IDB-9: Macroeconomic Sustainability Assessments

Mar 2013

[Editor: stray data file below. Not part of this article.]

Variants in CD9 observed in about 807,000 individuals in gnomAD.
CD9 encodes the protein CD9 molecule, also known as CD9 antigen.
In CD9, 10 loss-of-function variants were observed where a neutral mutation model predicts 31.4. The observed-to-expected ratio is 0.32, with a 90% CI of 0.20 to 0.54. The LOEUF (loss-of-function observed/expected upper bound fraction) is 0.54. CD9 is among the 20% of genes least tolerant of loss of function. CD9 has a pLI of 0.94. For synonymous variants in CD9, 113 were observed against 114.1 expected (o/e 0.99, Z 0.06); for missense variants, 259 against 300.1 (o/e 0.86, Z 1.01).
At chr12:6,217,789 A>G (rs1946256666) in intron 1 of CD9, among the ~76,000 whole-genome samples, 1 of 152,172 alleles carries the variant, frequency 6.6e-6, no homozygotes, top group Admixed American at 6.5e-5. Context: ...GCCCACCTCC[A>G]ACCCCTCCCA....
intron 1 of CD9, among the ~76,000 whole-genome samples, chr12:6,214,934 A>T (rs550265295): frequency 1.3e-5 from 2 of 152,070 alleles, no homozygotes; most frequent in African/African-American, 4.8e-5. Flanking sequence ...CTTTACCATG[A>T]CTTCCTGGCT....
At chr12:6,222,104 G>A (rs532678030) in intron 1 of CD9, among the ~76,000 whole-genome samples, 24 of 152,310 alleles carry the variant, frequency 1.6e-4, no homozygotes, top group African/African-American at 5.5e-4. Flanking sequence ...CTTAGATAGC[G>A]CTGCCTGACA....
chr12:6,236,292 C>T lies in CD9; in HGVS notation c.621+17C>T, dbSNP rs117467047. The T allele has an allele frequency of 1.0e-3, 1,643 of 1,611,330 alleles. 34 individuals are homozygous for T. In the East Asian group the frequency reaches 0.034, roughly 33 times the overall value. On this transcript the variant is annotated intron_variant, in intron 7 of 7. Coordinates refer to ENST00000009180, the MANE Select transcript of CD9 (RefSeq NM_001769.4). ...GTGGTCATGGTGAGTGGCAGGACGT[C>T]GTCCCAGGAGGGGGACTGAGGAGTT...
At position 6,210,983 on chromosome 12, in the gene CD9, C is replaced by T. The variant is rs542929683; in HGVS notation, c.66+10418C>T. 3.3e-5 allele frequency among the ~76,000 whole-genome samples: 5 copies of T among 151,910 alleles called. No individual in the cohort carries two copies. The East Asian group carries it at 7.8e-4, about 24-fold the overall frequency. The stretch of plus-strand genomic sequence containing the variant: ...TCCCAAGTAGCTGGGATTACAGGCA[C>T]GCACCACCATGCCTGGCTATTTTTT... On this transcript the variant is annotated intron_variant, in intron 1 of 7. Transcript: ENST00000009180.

One of the most debated parts of the IDB-9 Agreement was the requirement that the Inter-American Development Bank (IDB or Bank) enhance its macroeconomic analysis and link it to its country programming to avoid lending in unsustainable macroeconomic situations. The IDB-9 Agreement mandated that the Chief Economist prepare annual Macroeconomic Sustainability Assessments for each borrowing country and that a positive judgment on sustainability is one of the prerequisites, among others, for maintaining the Bank's aggregate exposure with the country including both sovereign and non-sovereign operations. OVE finds that the MSA requirement has been substantially implemented but faces many difficulties that seriously impede its likely effectiveness. The quality of the MSAs, though reasonable given the resources allocated, lacks depth in many areas, particularly financial sustainability and inflation. More generally, there is no methodology that could reliably do what is expected: predict macroeconomic crises in the near term. There are few checks and balances in the system, and none relating to the Chief Economist's conclusion and determination of sustainability. The MSA process entails significant costs for the Bank, including in country relations and IDB Board cohesion and collaboration. Though the MSA process has the potential to further the underlying IDB-9 goal of preventing lending in unsustainable macroeconomic situations, the process will not achieve the broader objective of stopping increases in Bank exposure for the foreseeable future: existing IDB disbursement and repayment schedules will lead to increasing exposure in almost all borrowing countries in the coming 5-10 years. OVE suggests that the Governors, the Board, and Management reconsider the design of the MSA process to align benefits and costs more closely. A useful way to think about changes is to "unbundle" the two rationales for MSAs -limiting IDB's credit risk and promoting development effectiveness. The credit risk rationale argues for the type of short-term focus and yes-no decision-making used in the MSAs, and Management may wish to strengthen the ability of its risk management group to perform independent credit risk assessment of the sovereign portfolio. The development rationale argues for a more medium-term instrument with a broader focus, as macroeconomic policies are not the only ones that matter for development. One option would be to strengthen the Bank's Independent Macroeconomic Assessments for policy-based lending, with clear guidelines to ensure their effective coverage and implementation. IDB could also strengthen its macroeconomic and policy analysis through its regular program of economic and sector work. It is clearly feasible for the IDB to have a stronger role than it now has in policy analysis and advice to its borrowing countries.